New fruit pest discovered in North Dakota
BISMARCK – The spotted-wing drosophila (SWD), a major fruit pest, has been detected for the first time in North Dakota.
“This insect is capable of causing serious damage, and growers and gardeners should be on the lookout for the larvae in seemingly healthy fruits,” said Agriculture Commissioner Doug Goehring. “It can be confused with the common fruit fly, but SWD prefers fresh fruit while the fruit fly prefers rotting fruit.”
Goehring said the insect was found in Foster County. A sample submitted from the Carrington Research Extension Center to the North Dakota State University Plant Diagnostic Laboratory contained several cherries with SWD larvae and one adult female.
Goehring added that early detection of the insect by growers is important because symptoms do not always appear until the fruits are harvested and sometimes not until the fruits are in possession of the consumers.
An invasive pest of Asian origin, SWD (Drosophila suzukii)was first detected in the continental U.S. in California in 2008 and has since rapidly spread to other fruit-producing regions of the country. In addition to the damage caused directly by the larvae, infested fruits are susceptible to other insects, fungi and bacteria.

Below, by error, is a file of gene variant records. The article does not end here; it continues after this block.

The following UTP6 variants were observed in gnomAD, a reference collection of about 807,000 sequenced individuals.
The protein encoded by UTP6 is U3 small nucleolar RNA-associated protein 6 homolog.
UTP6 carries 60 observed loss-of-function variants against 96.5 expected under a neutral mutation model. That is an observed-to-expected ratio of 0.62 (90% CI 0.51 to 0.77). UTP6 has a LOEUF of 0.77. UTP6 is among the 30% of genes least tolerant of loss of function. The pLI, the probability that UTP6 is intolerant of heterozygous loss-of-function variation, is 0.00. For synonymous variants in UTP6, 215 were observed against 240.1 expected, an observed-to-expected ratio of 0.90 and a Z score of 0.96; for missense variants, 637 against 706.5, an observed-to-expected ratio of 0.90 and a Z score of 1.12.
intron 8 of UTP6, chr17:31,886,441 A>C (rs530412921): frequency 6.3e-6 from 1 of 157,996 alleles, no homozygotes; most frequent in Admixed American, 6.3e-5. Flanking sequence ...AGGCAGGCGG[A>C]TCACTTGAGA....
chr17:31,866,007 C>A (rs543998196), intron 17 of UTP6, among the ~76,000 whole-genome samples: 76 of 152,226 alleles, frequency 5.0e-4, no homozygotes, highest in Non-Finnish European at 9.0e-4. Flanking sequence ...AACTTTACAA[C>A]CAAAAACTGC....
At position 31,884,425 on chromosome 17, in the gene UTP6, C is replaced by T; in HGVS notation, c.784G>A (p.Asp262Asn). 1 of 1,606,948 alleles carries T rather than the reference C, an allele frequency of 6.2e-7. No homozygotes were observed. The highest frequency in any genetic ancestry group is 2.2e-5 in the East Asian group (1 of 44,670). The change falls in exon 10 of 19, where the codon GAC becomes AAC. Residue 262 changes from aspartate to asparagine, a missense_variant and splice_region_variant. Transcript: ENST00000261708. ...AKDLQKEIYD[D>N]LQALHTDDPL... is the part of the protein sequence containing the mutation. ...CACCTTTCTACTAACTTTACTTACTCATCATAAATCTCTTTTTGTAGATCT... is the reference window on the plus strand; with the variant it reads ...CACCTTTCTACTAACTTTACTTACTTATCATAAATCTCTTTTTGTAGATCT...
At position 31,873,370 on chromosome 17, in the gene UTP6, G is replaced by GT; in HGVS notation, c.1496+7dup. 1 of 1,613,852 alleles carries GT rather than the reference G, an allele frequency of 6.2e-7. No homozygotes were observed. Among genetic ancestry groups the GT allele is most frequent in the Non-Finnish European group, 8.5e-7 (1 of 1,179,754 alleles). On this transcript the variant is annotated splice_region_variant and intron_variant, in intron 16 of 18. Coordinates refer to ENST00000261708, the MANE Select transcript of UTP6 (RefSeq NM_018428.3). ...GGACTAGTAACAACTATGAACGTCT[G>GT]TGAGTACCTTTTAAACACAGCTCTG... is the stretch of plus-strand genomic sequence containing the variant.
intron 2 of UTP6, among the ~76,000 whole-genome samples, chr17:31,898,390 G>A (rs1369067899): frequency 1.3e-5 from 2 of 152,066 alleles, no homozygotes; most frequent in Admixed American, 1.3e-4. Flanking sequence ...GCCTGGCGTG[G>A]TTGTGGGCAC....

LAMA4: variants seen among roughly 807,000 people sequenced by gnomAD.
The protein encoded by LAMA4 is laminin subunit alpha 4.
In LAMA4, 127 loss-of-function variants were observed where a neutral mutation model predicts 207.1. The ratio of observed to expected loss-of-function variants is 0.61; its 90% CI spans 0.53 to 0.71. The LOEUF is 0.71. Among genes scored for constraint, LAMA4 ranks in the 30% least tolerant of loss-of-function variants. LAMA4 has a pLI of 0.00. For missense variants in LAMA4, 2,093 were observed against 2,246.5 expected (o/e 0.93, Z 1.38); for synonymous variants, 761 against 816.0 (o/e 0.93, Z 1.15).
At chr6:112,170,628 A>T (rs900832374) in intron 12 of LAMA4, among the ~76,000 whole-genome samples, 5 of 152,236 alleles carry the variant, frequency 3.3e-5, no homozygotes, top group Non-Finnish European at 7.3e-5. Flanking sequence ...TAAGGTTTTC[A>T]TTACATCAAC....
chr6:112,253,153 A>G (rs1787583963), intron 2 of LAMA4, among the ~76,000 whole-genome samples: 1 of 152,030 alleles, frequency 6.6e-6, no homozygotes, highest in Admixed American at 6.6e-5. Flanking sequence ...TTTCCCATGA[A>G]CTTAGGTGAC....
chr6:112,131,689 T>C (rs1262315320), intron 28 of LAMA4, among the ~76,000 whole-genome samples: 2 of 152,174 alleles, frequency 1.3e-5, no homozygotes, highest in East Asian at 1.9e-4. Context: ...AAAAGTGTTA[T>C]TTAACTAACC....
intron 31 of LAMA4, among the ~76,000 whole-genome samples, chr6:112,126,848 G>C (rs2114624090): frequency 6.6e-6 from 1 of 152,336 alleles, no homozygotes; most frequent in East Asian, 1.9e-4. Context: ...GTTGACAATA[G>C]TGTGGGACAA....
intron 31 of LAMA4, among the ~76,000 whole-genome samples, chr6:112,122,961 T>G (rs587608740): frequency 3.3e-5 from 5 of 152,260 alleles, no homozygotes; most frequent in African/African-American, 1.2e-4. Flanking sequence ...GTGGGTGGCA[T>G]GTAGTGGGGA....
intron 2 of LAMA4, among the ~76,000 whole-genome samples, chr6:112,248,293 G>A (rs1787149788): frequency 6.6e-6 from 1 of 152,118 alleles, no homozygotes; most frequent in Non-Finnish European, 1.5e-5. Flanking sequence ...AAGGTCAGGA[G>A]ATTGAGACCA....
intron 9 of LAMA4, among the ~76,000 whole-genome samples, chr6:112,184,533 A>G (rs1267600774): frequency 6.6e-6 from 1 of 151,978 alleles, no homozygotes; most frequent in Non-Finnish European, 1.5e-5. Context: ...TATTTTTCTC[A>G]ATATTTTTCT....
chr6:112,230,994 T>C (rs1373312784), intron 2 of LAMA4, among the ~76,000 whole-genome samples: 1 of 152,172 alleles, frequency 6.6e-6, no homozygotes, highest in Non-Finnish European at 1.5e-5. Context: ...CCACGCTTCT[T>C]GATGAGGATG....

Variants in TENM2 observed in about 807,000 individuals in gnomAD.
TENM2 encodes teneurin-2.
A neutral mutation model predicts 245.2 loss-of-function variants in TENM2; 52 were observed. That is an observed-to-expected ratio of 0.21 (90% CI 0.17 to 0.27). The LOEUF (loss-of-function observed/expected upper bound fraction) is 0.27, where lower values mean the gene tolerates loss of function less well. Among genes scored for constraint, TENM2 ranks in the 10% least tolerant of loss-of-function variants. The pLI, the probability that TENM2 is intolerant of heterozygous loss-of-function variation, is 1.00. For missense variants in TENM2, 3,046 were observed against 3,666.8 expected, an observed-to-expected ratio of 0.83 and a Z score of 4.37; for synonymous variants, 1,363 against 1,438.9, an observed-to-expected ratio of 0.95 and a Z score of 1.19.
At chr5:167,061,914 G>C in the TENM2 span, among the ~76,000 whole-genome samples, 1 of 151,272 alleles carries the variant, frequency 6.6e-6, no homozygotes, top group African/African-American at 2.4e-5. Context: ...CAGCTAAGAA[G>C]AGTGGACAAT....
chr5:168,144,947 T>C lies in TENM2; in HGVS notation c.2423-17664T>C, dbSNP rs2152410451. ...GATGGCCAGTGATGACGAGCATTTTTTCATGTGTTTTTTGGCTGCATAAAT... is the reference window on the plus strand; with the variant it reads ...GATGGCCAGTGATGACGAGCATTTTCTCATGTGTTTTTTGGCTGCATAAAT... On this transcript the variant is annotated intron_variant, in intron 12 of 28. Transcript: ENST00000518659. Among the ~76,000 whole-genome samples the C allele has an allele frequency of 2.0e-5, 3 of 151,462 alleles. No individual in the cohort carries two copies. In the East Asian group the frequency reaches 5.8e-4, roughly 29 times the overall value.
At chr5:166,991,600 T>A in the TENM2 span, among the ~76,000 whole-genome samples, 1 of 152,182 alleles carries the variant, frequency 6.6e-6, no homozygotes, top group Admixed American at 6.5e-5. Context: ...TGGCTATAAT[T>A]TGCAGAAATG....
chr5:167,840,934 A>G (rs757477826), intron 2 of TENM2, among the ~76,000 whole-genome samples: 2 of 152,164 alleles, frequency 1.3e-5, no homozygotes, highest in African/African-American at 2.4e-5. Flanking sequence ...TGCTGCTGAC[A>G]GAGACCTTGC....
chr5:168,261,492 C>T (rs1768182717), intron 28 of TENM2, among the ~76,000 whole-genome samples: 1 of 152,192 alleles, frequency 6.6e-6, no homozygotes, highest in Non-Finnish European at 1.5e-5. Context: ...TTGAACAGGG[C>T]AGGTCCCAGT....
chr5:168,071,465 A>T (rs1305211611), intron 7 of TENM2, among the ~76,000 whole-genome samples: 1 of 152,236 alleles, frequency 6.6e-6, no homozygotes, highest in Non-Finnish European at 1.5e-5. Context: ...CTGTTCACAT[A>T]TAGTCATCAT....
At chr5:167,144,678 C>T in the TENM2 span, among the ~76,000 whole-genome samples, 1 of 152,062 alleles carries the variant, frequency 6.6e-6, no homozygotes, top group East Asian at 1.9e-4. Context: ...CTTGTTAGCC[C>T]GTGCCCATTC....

The SWD is a small fly, only 2 to 3 millimeters long, yellowish brown with prominent red eyes. Male SWD have dark spots on the wing tips. SWD cannot be identified without an adult specimen. The adult flies are difficult to distinguish from other small flies.
Goehring said that growers and gardeners who find an abundance of small, white maggots in what were apparently fresh fruits at the time of harvest should contact the North Dakota Department of Agriculture at (701) 328-2231 or (800) 242-7535 or the NDSU Extension Entomology at (701) 231-7064.